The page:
STD rates in the United States are continuing a years-long climb—including a sharp rise in the number of babies born with syphilis.
A new government report finds that combined cases of syphilis, gonorrhea and chlamydia reached an all-time high in 2018. Nearly 2.5 million cases of these sexually transmitted diseases (STDs) were reported to the U.S. Centers for Disease Control and Prevention for the year.
“We’re documenting an increase in STDs for the fifth consecutive year,” said Elizabeth Torrone, an epidemiologist with the CDC.
And the numbers are certainly an underestimate, she added: STDs often have no symptoms, leaving people unaware they are infected.
That means they can also unknowingly transmit it to others. In a troubling trend, cases of congenital syphilis—when newborns contract it from their mothers—continue to rise. Those cases were up 40% from 2017, the CDC said, and 94 infants died from the infection in 2018.
“It’s a tragic consequence of the STD epidemic,” Torrone said. “Those deaths are completely preventable.”
Newborns contract syphilis if their mothers are infected and untreated. Because syphilis can be cured with antibiotics, it’s critical that pregnant women be screened for the infection at their first prenatal care visit, the CDC advised. Women at higher risk should be tested again in the third trimester and at delivery.
Lack of prenatal care is likely one factor driving the increase in newborn syphilis, according to Torrone. But the problem begins earlier, with young U.S. women contracting syphilis at an ever-higher rate in recent years.
Those cases rose 36% between 2017 and 2018.
“Newborn syphilis is rising at a very rapid rate,” Torrone said, “and it parallels an increase in women of childbearing age.”
Every year, the CDC reports the results of its national STD surveillance. And for the past five years, the conclusions have been the same: After years of decline, the most commonly reported STDs in the United States—chlamydia, gonorrhea and syphilis—are staging a comeback.
Why? The CDC cites numerous potential reasons, including poverty, drug use, decreases in condom use, and stigma surrounding STDs. Add to that recent cuts to state and local STD programs, resulting in clinic closures and less screening and patient follow-up.
Many experts believe funding cuts are a critical factor, according to Fred Wyand, communications director for the nonprofit American Sexual Health Association.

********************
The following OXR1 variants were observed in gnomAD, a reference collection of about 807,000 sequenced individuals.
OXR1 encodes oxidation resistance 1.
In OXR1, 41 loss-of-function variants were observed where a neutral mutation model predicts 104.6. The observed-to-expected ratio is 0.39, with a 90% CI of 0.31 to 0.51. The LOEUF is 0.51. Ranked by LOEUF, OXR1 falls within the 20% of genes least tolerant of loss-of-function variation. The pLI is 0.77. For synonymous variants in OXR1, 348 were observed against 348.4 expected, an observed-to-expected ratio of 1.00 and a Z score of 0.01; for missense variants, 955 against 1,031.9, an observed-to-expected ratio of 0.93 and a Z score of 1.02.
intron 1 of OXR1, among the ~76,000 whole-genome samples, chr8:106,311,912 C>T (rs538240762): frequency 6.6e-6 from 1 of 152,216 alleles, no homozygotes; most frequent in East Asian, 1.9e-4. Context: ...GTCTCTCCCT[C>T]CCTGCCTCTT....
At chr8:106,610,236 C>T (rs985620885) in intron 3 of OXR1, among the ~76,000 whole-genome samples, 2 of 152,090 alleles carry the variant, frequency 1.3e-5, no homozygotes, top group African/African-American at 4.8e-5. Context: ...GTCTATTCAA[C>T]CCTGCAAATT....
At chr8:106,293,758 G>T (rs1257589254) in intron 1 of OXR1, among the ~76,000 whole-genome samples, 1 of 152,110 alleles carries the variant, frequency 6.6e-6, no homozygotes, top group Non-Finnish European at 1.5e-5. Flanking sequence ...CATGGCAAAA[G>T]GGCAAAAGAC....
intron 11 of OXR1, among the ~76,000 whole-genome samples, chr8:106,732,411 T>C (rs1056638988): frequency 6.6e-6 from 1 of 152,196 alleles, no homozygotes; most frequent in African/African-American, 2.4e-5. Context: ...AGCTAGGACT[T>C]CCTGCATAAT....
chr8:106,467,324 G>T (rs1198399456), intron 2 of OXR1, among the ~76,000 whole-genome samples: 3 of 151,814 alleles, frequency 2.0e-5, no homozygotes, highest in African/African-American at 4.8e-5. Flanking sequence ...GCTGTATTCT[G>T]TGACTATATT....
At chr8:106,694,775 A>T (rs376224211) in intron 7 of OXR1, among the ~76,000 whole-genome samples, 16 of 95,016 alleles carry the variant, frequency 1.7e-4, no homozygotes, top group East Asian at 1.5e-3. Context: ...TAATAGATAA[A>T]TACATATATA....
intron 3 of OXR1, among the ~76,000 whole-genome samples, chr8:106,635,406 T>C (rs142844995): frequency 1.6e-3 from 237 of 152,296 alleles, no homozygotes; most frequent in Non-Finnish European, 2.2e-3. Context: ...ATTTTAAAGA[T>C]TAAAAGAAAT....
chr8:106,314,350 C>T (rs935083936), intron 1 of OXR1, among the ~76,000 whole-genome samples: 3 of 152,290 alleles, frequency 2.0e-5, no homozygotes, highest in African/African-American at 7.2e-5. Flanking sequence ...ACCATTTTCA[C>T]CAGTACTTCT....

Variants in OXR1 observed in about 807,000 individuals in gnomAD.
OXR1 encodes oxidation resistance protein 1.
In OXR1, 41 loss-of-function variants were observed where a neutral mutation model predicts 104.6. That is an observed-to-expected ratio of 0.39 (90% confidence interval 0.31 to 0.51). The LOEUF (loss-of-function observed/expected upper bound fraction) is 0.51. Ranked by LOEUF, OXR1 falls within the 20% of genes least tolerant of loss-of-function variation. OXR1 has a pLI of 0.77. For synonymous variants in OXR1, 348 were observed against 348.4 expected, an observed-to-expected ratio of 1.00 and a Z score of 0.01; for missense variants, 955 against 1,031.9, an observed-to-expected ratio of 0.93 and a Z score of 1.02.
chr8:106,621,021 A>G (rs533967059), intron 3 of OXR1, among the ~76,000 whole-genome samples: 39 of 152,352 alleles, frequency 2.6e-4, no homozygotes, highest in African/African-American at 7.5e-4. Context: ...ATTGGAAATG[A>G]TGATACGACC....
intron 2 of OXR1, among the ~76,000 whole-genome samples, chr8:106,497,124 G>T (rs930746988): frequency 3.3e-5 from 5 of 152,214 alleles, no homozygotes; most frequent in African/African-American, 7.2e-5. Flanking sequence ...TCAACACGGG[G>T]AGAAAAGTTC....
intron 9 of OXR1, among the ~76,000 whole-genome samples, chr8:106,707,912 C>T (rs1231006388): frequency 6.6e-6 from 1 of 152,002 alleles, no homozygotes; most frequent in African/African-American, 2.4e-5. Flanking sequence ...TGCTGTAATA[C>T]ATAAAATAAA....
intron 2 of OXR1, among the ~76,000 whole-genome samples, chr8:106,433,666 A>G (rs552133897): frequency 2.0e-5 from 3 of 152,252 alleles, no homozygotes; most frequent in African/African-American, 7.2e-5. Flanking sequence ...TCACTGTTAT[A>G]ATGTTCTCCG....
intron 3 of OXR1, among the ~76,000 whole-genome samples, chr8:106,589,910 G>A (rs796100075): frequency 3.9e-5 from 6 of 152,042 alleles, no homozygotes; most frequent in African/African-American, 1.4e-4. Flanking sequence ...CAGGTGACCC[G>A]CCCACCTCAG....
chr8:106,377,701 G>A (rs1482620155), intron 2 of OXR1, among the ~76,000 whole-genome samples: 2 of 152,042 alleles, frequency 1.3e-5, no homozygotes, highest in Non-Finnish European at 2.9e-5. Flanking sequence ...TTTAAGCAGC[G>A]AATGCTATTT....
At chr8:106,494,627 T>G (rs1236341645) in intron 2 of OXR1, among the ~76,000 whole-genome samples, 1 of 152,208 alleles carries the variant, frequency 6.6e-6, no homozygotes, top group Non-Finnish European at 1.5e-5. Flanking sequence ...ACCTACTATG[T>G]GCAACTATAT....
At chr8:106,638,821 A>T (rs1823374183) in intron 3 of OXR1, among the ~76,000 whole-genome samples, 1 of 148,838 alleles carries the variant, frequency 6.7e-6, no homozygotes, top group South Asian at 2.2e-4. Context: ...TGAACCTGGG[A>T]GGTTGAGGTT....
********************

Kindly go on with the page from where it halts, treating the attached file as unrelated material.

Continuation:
“The subject of STD rates and why they remain so high is a discussion with much nuance and no single, simple answer,” Wyand noted. “But the public health experts who advise us consistently refer to an eroding STD prevention infrastructure as a key element in driving STD rates.”
The latest CDC figures, published Oct. 8 in the Sexually Transmitted Disease Surveillance Report 2018, show that in 2018:
- Over 115,000 syphilis cases were reported, including more than 1,300 infections among newborns. Of those infants, 94 died—up from 77 deaths in 2017.
- Gonorrhea infections increased by 5%, topping 580,000 cases—the highest number since 1991.
- A record number of chlamydia cases were reported: more than 1.7 million, representing a 3% increase from 2017.
All three diseases are bacterial infections, with potential consequences ranging from infertility to pregnancy complications to increased vulnerability to HIV.
According to Dr. Jonathan Mermin, director of CDC’s National Center for HIV/AIDS, Viral Hepatitis, STD, and TB Prevention, “STDs can come at a high cost for babies and other vulnerable populations. Curbing STDs will improve the overall health of the nation and prevent infertility, HIV and infant deaths.”
When it comes to gonorrhea, one of the concerns is its ever-increasing resistance to antibiotics. “It’s a smart bug,” Torrone noted. Right now, the only recommended treatment is a shot of the antibiotic ceftriaxone, plus the oral antibiotic azithromycin.
However, all three STDs are curable with antibiotics, provided they are detected. The CDC has screening recommendations on all three diseases, as well as HIV and hepatitis B.
If your health care provider has not screened you, Torrone said, ask whether you should be. “People should feel empowered to ask, ‘Which STDs should I be tested for?'” she said.
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